Saturday, February 01, 2014
Llewen Davis' signature line, "If it was never new and it never gets old, it's a folk song," has been banging around my head since the clock radio told me Pete Seeger died, in part, at least, because Seeger gives us a bit of a metric for when a song becomes a folk song. Consider "Wimoweh":
[An]unacknowledged rewrite of the song "Mbube", written and recorded by South African musician and composer, Solomon Linda, in 1939. "Mbube" had been a major local hit for Linda and his band, The Evening Birds, reputedly selling 100,000 copies there, but its success at the time was entirely confined to South Africa. Some years later, a copy of Linda's recording reached the American musicologist Alan Lomax; he passed it on to his friend Pete Seeger, who fell in love with it, and it was Seeger who was mainly responsible for popularising the song in the West.On the other hand, as Christgau notes, "[S]uch standards as "Good Night Irene," "Wimoweh," "Michael, Row the Boat Ashore," and the magnificent "Bells of Rhymney" are as much a part of the American songbook as "White Christmas" and "Summertime"--which latter, as it happens, Seeger anointed at Bowdoin in 1960, one of the thousands of solo shows he played during his 17-year blacklist." I think that's about right-- all folk music amounts to the music that remains popular over time. That may actually be the measure of authenticity. By that standard, "Seven Nation Army", for example, is on its way. "You'll Never Walk Alone" is already there. And even though the Weavers bowdlerized "Good Night Irene" it's a pretty sure bet they paid Hudie Ledbetter his royalties. And even though Pete held the copyright for "We Shall Overcome" by virtue of changing "Will" to "Shall", the royalties are donated to the We Shall Overcome Fund. Administered by the Highlander Research and Education Center,which supports cultural and educational endeavors in African American communities in the South.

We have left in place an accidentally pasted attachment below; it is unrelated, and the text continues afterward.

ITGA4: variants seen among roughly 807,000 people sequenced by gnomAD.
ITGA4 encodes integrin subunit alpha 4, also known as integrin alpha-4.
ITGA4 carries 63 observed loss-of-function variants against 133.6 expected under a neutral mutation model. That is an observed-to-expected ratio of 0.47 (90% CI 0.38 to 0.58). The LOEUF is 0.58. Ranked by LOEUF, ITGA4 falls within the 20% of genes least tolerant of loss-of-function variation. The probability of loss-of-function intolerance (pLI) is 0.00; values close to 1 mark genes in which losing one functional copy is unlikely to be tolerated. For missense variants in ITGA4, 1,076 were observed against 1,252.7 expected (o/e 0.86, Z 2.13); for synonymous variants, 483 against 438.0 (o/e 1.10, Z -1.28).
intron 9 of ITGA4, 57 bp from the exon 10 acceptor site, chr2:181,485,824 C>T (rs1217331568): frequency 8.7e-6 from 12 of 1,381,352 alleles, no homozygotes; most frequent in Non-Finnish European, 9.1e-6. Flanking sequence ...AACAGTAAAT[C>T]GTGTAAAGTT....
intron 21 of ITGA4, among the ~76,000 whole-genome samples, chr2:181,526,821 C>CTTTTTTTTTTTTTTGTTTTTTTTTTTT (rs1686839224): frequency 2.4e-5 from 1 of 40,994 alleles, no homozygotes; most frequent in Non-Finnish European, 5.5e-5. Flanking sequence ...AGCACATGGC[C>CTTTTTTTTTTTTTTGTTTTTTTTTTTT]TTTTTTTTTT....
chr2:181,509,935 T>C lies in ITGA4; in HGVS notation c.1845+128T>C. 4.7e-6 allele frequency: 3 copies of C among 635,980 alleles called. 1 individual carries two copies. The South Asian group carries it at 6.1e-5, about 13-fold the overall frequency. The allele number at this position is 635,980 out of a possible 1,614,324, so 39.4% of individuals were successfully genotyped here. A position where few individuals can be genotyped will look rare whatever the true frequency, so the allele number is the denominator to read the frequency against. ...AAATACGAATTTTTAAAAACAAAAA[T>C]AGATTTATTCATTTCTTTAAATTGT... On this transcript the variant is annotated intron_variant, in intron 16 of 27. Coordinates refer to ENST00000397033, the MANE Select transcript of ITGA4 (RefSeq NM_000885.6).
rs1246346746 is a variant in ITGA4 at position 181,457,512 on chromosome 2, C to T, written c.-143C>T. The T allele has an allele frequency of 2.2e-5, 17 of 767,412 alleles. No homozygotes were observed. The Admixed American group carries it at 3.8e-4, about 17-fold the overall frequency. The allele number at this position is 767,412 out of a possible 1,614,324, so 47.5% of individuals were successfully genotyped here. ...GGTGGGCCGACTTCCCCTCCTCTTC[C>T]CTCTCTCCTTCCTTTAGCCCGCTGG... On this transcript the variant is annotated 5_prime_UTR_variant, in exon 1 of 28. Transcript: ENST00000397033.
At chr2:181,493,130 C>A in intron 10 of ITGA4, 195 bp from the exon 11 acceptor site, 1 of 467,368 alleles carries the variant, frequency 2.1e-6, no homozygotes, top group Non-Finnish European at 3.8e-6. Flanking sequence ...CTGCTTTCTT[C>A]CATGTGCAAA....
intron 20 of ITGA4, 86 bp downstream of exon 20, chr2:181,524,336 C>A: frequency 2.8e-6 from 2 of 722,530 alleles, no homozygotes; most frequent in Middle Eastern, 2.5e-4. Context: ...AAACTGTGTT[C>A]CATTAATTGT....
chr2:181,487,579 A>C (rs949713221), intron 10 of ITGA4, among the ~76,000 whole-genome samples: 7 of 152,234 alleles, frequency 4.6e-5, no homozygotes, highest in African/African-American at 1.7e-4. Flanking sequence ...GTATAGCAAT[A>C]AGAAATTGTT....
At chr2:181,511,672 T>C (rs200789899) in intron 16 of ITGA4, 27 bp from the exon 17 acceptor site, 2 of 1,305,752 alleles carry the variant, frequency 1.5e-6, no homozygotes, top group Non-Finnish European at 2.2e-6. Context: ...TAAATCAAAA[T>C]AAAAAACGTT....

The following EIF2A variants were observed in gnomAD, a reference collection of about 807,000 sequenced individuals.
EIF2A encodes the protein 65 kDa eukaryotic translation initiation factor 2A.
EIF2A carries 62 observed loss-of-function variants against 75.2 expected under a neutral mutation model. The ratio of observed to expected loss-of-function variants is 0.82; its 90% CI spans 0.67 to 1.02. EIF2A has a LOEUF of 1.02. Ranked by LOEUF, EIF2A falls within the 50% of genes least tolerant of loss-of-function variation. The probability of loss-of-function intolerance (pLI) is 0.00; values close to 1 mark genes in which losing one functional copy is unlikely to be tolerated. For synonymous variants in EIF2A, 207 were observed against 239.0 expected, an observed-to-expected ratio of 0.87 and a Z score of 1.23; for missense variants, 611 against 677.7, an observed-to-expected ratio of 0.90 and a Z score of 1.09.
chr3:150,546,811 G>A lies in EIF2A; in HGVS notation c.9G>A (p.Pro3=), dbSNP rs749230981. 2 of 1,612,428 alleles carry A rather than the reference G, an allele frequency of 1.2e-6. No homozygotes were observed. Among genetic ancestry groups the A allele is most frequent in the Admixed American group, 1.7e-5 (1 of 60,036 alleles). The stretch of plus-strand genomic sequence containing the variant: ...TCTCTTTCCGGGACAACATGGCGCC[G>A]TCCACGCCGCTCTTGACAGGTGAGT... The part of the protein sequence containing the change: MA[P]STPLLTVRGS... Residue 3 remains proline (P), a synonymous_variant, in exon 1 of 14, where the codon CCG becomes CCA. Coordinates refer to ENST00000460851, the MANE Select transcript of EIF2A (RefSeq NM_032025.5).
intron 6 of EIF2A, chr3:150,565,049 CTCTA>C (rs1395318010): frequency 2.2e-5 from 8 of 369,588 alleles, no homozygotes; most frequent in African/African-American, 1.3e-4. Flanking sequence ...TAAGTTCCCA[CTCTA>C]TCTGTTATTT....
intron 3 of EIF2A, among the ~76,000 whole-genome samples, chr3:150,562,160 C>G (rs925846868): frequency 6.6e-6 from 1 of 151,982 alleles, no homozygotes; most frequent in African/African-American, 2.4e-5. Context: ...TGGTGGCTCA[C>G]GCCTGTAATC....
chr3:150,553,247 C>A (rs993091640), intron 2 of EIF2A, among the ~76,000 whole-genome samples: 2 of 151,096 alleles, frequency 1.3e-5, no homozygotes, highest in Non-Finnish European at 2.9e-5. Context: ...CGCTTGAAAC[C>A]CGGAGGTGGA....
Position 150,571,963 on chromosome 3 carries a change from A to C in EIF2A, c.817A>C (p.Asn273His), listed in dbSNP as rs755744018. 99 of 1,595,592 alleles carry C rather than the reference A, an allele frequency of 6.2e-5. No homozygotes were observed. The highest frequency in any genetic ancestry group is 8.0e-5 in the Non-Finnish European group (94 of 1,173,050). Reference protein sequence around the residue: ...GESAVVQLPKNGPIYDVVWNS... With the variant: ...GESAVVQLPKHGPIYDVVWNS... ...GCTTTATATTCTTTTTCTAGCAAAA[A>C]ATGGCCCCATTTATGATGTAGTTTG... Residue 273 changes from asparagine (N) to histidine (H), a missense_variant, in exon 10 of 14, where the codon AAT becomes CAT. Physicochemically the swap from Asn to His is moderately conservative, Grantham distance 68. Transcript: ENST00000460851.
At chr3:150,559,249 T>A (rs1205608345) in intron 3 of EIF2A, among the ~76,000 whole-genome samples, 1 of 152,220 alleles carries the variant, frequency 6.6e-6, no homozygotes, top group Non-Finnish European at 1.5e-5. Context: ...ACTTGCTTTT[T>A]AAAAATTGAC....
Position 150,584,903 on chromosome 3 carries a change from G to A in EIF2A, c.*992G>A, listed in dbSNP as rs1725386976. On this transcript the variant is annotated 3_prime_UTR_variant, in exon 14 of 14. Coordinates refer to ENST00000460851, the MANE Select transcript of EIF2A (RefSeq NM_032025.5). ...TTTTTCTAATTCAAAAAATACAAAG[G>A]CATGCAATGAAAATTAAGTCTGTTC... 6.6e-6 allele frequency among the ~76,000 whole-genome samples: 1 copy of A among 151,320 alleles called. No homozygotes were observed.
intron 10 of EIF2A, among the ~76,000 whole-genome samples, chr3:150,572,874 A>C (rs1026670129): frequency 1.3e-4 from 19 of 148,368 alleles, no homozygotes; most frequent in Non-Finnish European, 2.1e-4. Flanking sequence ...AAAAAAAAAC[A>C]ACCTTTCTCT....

Seeger recorded a version of the song with his noted folk group The Weavers in 1952, retitling it "Wimoweh" (an inaccurate transliteration of the song's original Zulu refrain, "uyimbube"). The Weavers scored a US Top 20 hit with their studio version, and had further success with a live version of the song included on their influential 1957 live album, recorded at Carnegie Hall, which led to it being covered by The Kingston Trio in 1959.
The Weavers' Carnegie Hall version of "Wimoweh" became a favourite song of The Tokens—they used it as their audition piece when they were offered a contract with RCA Records—and this led to them recording it as their first RCA single. However, it was at this point that the lyrics were re-written by the band's producers—who took full credit for the song—and it would be several decades more before the full story of the appropriation of Solomon Linda's work became widely known. Sadly, by then Linda had long since died in poverty.